"Then do that" he tells me with a smile.
I change my PTC to a political item; specifically, about Alan Shatter's recent decision to begin legal proceedings against Martin Guerin. The information in the script is more complicated, written with more than a few multi-syllable words and overall, is more difficult than my Scrabble one. I pace up and down the echoy corridors of Park Studio, reciting the story over and over, playing with the tone and cadence in my pursuit of perfection.
My heart is fluttering like a hummingbird as I once again, position myself in front of the camera. Kevin informs the onlookers (our Directors in the course) that although there was nothing wrong with my earlier script, I've chosen to go with a whole new one.
I take a deep breath, push back my shoulders, hold my mic in position - and launch into it with as much energy and confidence as I can muster. It goes perfectly. As I got to the end, even I knew I had pulled it off and could feel myself calming, assured that I had this.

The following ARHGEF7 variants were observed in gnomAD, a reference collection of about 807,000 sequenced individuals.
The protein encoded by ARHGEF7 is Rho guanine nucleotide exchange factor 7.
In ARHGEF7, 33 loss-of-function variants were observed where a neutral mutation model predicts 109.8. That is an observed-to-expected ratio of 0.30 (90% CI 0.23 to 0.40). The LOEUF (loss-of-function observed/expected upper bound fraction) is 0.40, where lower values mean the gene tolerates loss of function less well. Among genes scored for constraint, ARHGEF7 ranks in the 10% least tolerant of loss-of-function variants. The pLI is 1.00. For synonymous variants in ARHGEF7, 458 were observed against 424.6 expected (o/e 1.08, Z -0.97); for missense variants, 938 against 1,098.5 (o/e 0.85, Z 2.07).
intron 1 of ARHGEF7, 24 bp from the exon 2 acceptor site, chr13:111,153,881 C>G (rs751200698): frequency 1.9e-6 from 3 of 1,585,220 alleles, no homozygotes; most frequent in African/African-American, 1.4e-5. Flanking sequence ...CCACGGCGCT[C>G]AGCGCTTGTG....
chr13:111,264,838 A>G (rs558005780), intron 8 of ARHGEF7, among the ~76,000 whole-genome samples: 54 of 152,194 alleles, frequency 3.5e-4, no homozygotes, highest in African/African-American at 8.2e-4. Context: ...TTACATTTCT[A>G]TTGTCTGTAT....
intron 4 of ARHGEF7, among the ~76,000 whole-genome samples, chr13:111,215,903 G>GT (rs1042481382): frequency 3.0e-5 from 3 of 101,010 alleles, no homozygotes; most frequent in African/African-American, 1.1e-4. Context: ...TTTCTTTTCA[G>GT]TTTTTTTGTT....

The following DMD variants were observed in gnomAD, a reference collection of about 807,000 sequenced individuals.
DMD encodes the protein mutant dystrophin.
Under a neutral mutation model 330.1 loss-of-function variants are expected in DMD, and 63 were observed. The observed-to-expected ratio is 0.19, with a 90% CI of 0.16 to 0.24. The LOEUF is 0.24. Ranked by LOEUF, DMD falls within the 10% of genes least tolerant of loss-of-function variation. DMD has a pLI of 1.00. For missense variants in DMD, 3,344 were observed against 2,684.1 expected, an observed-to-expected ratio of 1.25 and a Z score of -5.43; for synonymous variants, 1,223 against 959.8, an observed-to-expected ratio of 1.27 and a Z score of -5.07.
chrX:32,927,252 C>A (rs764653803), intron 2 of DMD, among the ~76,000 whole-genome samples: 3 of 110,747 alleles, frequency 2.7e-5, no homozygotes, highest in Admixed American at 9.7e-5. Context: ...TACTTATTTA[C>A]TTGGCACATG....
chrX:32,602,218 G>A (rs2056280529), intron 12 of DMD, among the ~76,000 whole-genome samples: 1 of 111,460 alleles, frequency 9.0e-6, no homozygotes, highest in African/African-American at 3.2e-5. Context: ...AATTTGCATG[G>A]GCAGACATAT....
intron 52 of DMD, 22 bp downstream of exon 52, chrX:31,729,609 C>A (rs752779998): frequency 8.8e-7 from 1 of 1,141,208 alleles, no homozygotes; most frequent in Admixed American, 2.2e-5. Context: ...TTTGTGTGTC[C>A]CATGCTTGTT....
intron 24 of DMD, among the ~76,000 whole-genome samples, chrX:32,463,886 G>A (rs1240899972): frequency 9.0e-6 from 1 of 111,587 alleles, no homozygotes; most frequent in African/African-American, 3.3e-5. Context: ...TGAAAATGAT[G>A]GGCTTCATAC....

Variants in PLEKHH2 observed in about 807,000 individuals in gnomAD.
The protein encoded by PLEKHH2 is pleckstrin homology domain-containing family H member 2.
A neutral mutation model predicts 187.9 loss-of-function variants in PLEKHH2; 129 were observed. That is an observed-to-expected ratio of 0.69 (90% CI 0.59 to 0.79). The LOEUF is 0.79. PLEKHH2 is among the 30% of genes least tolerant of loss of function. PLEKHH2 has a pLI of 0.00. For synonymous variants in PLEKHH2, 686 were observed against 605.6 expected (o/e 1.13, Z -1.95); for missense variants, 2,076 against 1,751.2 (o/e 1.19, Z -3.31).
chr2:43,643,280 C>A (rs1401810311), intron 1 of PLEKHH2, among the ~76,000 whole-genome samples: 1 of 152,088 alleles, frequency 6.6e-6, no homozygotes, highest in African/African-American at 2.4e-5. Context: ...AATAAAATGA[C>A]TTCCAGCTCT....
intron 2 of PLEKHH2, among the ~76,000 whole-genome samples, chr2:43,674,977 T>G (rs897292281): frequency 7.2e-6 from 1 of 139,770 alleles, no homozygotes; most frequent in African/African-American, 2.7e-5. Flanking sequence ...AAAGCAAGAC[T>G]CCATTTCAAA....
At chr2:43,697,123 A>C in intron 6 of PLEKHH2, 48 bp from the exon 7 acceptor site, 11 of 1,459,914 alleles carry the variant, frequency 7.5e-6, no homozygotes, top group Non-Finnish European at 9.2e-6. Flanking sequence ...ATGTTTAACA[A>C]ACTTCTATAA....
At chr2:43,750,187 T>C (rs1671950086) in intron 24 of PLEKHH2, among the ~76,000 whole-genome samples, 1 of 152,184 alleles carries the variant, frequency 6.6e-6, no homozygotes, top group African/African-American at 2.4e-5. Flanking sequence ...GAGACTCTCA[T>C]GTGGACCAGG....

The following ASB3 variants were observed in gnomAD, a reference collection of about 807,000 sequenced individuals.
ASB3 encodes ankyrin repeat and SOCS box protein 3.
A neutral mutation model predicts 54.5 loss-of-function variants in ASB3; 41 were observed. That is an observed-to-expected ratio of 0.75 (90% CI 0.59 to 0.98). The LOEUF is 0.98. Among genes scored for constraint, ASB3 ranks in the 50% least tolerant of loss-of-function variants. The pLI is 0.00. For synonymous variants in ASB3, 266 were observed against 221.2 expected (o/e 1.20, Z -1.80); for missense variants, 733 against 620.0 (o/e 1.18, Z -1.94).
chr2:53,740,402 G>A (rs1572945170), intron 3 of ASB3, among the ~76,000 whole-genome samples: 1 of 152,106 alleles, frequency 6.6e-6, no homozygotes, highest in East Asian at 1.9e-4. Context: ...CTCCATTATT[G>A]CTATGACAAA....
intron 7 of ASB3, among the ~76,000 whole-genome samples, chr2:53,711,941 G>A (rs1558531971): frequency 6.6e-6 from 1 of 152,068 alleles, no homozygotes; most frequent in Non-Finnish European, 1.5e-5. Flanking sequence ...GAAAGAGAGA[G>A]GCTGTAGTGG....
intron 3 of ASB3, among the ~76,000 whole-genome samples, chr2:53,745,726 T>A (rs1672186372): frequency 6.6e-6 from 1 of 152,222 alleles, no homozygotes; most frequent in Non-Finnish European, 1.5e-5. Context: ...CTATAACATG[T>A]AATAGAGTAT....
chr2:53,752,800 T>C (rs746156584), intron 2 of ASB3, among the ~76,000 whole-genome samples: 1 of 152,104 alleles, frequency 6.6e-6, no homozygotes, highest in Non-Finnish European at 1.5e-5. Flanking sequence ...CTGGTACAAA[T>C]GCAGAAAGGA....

There's a silence in the room in the moments after I finish and for a few seconds, I think I've gotten it horribly wrong and that I performed terribly. But it turns out the silence is for the opposite reason. The review of our PTC's won't take place until next week as we ran out of time, but both Kevin and the classmates who watched me, tell me it was scary good.
It's with a sense of achievement and pride that I gather my things a few minutes later as the day's work come's to a close. On the way out, I thank Kevin for his support in helping me. The assessment of my performance won't be given in detail until next week, but Kevin does tell me that I have a talent - in particular for learning scripts - that is going to unnerve the rest of them. While it's good news for my professional advancement, I know myself it's not going to win me any friends.
I get drenched in a down-pour on my way home. My exhaustion has reached new levels and it's in a haze that I stumble from bus to bus home. But as I do, I'm reminded of a quote pinned to my bedroom wall, and a particular favourite of the boyfriend's:
"Be so good they can't ignore you."
- Steve Martin